Málaga is with its 560,631 inhabitants (2006) the second largest city in Andalucia after Sevilla and capital of the province Málaga. In addition Málaga is the sixth-largest city of Spain. The city possesses one of the largest Spanish airports, which is now being extended, and is considered as the gate to the Costa del Sol. Málaga is a modern city with an important commercial port, airport and a university. It is the capital of the Costa del Sol, which represents one of the most important vacation destinations of the iberian peninsula with its good climate all year round. The city is in culinary regard known for raisins and wine (muscatel).
Today the main focus is particularly on the tourism, which gives rapid growth to the city. Already since the 19th century English and Spanish upper layer families settled here in order to spend the winter in the mild coastal climate. Opposite the bullring there is even an English cemetery and a residential area with modernistic mansions. From here a large palm tree park, in which also horse coachmen offer its service, leads to the city centre and to the port. The park surrounds the castle mountain, on which the Alcazaba is situated. This Arab king palace was built between that 8th and 11th century and is situated in the midst of maintained, expanded gardens. Today it houses the archaeological museum. Connected by two towers with a bridge above is the “Gibralfaro”, the moorish castle Malagas, within whose walls is the lighthouse and a mosque. Beside it is a beautiful hotel, the Parador de Gibralfaro, from whose pool in clear weather the view is good enough to see Gibraltar.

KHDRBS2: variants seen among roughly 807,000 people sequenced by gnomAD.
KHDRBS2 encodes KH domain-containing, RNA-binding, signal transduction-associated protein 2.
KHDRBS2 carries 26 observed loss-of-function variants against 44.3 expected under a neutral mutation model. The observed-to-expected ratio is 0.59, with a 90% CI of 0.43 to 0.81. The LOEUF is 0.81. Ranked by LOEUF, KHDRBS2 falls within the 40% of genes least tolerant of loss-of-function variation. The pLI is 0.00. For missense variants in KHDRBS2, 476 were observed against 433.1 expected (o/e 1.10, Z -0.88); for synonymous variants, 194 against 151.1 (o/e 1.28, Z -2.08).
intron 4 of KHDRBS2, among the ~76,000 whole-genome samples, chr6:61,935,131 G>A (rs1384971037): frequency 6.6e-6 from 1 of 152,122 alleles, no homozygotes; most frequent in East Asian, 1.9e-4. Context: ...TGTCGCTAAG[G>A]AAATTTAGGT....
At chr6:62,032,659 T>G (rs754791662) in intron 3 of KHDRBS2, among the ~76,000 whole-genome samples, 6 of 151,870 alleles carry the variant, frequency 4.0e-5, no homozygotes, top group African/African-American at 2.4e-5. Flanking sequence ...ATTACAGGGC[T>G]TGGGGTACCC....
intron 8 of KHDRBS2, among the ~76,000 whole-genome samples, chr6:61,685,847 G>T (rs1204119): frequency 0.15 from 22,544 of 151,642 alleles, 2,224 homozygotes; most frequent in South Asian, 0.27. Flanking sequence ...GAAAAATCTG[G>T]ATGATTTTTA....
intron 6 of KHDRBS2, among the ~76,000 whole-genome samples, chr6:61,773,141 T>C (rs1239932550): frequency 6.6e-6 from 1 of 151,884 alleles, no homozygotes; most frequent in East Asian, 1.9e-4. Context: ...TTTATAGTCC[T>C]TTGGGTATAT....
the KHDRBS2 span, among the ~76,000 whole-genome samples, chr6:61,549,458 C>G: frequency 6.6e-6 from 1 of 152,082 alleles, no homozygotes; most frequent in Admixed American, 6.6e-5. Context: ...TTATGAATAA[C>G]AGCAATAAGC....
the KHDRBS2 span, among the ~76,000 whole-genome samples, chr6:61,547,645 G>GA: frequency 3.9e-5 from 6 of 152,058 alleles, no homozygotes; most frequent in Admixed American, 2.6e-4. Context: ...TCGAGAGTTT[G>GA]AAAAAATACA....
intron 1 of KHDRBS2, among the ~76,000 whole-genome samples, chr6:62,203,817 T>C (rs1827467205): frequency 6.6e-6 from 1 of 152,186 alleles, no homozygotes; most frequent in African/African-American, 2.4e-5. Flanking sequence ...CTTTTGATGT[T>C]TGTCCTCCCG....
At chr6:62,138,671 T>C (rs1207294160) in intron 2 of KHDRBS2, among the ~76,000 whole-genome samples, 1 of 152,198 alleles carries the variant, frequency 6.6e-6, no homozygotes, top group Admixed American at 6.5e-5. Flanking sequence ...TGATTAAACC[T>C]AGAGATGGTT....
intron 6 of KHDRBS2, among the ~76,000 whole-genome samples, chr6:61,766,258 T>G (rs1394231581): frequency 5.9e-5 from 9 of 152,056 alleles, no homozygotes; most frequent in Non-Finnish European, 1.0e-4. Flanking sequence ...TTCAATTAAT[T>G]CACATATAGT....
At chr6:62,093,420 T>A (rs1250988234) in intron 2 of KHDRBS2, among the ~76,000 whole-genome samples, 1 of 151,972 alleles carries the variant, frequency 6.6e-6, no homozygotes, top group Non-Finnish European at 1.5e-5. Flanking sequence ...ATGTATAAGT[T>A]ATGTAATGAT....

In the city centre in the place of a moorish mosque now is the cathedral. By different destruction and rebuildings the interesting “cathedral” today is a mixture of most diverse styles with its gothical hall and the baroque holy figures. South of the cathedral you will arrive to the port, an approach place for large cruise ships. A promenade leads from the port up to the quarter El Palo, which admits for its numerous fish restaurants. A walk by the bent lanes of the old part of town leads to the central market, whose main gate once decorated the dock of an Arab threw. The birth house of the most famous son of the city, Pablo Picasso, is at the Plaza de la Merced.
The above posting gives a very good introduction to the under-appreciated city of Malaga. It makes a perfect place for a winter break weekend. Anyone wanting more information about exploring the city might like to know of my recently published guide: Footsteps through the City of Malaga. See at http://www.footstepsguides.co.uk Brian
It is interesting that despite some of the negative press about Spain, it is still the most searched for (search engine searches from the UK) location for a holiday home or second home.